Asset Location and Making Your Money Last in Early Retirement
My pal Dr. James Turner at The Physician Philosopher likes to write about the 20% you need to know to achieve 80% of the results in personal finance. He even wrote a book detailing that 20%; I recently read it on vacation and I highly recommend it.
Here at Physician on FIRE, we spend a fair amount of time exploring the other 80% you might want to understand to eke out the most optimal results. Today, we’ve got one such post, and it deals with asset location for a model early retiree.
Note that asset location and asset allocation are not the same thing, and our author explains that difference. Today’s post was written by Dr. David Graham, who shared with me the following bio:
David Graham, MD, is a practicing Infectious Disease physician and blogs at FiPhysician.com. After discovering his passion for personal finance, he started a Registered Investment Advisory to promote his mission of “Financial Literacy for Physicians.” For personal enjoyment, he recently sat for and passed the CFP exam.
Asset Location and Making Your Money Last in Early Retirement
The debate rages on: Bonds go in your taxable!
The White Coat Investor and Physician on FIRE don’t agree on everything.
For those pursuing early retirement, who are we to believe?
Does asset LOCATION, how you distribute your desired asset allocation in your always taxable (IRA and 401k), sometimes taxable (brokerage), and never taxable accounts (Roth), influence your net worth in early retirement, or is it much ado about nothing?
Bogleheads has a nice Wiki on asset location, but one may be left slightly confused after a thorough reading. “It is best to understand the basic principles and then apply them to your situation.”
Another quote from the Wiki is revealing:
“The situation may change in retirement, when the funds are withdrawn for income (decumulation phase). It is possible under some combination of lifetime investing results and lifetime individual tax situations to be better off doing the opposite of the strategy recommended here.”
Well, that helps.
What would PoF do in early retirement? Let’s look at his portfolio and find out!
When asked, PoF suggested a solid asset allocation for early retirement. His actual portfolio is more complex and nuanced (as is real life), but he suggested the following (and I’ve added expected future returns):
- 50% US Total Stock Market (7%)
- 10% Developed International Stocks (7%)
- 10% Emerging Markets (8%)
- 10% REIT (8%)
- 20% Total US Bond Fund (3.5%)
Of course, if the expected future returns of asset classes were known, we would all be rich and not need to worry about asset location. Generally, however, over long periods of time, you might have higher average returns from Emerging Markets and REITs than from US and International funds, which all usually have higher average returns than bonds.
REITs kick out K-1 income, which is taxed as ordinary income rather than at the more favorable capital gains or qualified dividends rate–more on this below including the 20% QBI deduction. Interest from bonds is also taxed as ordinary income. REITs and bonds share a tax disadvantage and portfolio placement should be carefully planned.
In addition, PoF has three types of accounts to consider: he suggests we distribute his portfolio 50% in brokerage, and 25% each in an IRA and a Roth IRA. (Excellent retirement tax diversification).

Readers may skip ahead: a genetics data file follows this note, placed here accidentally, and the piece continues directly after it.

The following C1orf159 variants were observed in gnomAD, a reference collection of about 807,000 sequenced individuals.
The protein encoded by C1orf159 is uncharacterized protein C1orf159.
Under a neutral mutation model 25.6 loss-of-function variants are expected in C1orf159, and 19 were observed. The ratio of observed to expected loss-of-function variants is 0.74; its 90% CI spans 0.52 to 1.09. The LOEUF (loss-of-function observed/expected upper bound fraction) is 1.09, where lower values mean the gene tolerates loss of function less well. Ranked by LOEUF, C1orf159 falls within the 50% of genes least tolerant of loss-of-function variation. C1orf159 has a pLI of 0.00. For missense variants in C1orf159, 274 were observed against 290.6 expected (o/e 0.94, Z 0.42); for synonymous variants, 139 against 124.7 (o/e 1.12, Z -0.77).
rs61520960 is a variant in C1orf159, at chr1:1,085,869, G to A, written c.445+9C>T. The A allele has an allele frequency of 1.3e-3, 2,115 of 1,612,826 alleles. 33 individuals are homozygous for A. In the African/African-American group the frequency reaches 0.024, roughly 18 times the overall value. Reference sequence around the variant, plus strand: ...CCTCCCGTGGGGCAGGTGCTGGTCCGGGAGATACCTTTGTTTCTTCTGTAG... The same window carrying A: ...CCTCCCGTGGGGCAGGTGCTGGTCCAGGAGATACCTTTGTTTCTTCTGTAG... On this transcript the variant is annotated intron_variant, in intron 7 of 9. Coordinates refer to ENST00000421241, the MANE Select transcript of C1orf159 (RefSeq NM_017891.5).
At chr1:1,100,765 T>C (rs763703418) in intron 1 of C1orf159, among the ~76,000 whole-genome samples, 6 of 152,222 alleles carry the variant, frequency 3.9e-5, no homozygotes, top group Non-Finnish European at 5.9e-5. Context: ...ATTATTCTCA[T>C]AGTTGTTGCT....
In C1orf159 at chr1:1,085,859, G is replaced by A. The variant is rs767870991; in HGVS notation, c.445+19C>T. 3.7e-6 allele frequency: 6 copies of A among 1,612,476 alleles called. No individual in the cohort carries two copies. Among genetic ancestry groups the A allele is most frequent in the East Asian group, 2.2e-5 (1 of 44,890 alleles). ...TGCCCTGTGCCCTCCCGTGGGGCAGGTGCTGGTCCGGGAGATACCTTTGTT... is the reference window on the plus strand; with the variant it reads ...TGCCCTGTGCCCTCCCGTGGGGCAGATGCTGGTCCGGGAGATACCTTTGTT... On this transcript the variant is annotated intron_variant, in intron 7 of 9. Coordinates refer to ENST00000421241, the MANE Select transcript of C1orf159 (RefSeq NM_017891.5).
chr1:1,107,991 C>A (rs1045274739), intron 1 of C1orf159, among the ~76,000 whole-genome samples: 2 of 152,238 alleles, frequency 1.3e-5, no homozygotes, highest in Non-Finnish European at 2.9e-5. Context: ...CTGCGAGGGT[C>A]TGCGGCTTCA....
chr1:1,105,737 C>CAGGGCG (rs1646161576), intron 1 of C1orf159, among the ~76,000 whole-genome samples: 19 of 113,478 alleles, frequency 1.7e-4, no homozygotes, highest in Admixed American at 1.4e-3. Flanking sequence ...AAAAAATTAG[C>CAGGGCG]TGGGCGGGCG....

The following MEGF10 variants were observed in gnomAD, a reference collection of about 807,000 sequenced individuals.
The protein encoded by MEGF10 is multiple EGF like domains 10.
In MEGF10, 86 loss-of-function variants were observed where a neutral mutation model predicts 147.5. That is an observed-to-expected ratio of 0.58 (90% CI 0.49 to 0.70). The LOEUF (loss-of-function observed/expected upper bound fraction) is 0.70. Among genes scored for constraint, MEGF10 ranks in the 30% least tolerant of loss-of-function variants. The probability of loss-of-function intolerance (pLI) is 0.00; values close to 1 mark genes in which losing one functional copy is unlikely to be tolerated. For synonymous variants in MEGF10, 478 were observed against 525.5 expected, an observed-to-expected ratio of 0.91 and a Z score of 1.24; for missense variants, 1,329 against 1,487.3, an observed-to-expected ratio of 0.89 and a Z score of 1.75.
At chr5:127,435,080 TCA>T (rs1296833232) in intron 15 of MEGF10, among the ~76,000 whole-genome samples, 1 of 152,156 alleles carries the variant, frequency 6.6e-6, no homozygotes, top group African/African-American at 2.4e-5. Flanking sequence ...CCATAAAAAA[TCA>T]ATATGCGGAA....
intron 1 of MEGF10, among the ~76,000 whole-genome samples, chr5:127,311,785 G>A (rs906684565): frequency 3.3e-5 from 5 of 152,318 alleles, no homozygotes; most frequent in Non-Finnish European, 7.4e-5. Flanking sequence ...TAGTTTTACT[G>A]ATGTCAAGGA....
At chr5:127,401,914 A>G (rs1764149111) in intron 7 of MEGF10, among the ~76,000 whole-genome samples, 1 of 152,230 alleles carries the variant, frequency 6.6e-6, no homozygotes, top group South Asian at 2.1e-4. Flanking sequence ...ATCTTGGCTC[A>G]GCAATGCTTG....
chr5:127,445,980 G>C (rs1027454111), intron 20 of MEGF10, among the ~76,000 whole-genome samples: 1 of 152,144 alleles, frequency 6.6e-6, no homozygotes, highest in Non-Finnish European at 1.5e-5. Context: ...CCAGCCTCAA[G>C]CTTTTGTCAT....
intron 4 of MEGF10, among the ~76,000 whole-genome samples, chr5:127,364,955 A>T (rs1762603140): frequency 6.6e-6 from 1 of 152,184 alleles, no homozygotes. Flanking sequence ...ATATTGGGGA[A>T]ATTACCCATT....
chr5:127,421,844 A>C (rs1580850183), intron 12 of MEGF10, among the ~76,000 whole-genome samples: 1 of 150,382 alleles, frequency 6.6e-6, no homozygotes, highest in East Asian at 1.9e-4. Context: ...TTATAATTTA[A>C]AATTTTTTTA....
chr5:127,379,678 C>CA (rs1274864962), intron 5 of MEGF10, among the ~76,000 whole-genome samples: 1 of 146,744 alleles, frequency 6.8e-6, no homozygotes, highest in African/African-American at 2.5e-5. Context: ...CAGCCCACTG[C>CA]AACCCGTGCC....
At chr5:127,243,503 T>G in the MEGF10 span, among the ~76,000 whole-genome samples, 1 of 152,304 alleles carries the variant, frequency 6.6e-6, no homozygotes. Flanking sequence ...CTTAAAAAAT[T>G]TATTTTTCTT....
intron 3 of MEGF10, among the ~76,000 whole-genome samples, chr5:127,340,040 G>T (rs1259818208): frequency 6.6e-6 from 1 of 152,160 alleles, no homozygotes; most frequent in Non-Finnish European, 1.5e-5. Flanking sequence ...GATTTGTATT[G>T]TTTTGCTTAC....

So, how should an early retiree locate or distribute his funds in his different accounts?
The Scenario for Early Retirement
Assume the early retiree is 44, married, and working for 5 more years. After retirement, let’s follow the portfolios for 15 years to see the effect of asset location on net worth in early retirement. Retirement income is taken from the brokerage account, and the IRAs grow in the background for future use.
At 44, they have $2,000,000 in assets with 50% in their brokerage account, 25% in a rollover IRA, and 25% in their Roth account after aggressive (and perhaps ill-timed) conversions.
Working part-time, they earn $120,000 for the next 5 years and then will retire and live off of the accumulated nest egg. They spend about $80,000 a year, approaching a 4% withdrawal rate.
Income increases 2% per year, and inflation sits at 2.5% overall and 5% for healthcare.
Asset Location Models
Let’s look at the next 20 years for this couple given three different asset location models. (Download the spreadsheet to enter your own info)
Figure 1 (Good location model)
The first model named “Good” asset location has bonds and REITS in the tax-deferred accounts and invests most aggressively in the Roth account.
Figure 2 (Even location model)
The second model “Even” has even asset location between the three account types
Figure 3 (Poor location model)
The third model dubbed “Poor” has the least tax efficient funds (bonds and REITs) in the brokerage account.
The Results Are In
Let’s see how these plans perform over time.
Figure 4 (Asset simulation)
Figure 4 shows simulated assets with confidence levels over our 20-year investing timeline. Results from all three models are similar, so the Even asset location model is shown.
Figure 5 (Withdrawal rate)
Withdrawal rate (again shown for the Even asset location model) in figure 5 starts at 3.7% and increases with inflation. It is 3.8% after 20 years.
Cash Flow Analysis
So how do our plans perform in the first decade? First, let’s look at tax efficiency via cash flows from the Good and Poor asset location plans.
Figure 6 (Cash flows for Good asset location)
Figure 7 (Cash flows for Poor asset location)
As we can see in Figures 6 and 7, income and expenses are the same (expenses go up in retirement to account for health insurance starting at $10,000 a year).
Tax payments are quite different between the two models. In the first 5 years, taxes cost $178,606 for the Good (tax-efficient) portfolio and $215,243 for the Poor (tax-inefficient) portfolio. The Even asset location plan (data not shown) splits the middle and pays $198,403 in taxes.
Net flows initially are positive for the Good plan and negative for the Poor, but note they are very similar by 2030. Tax payments are also similar by then. We will see why later.
Account Balance and Net Worth After 20 Years
So how do the plans do after 20 years? Let’s find out.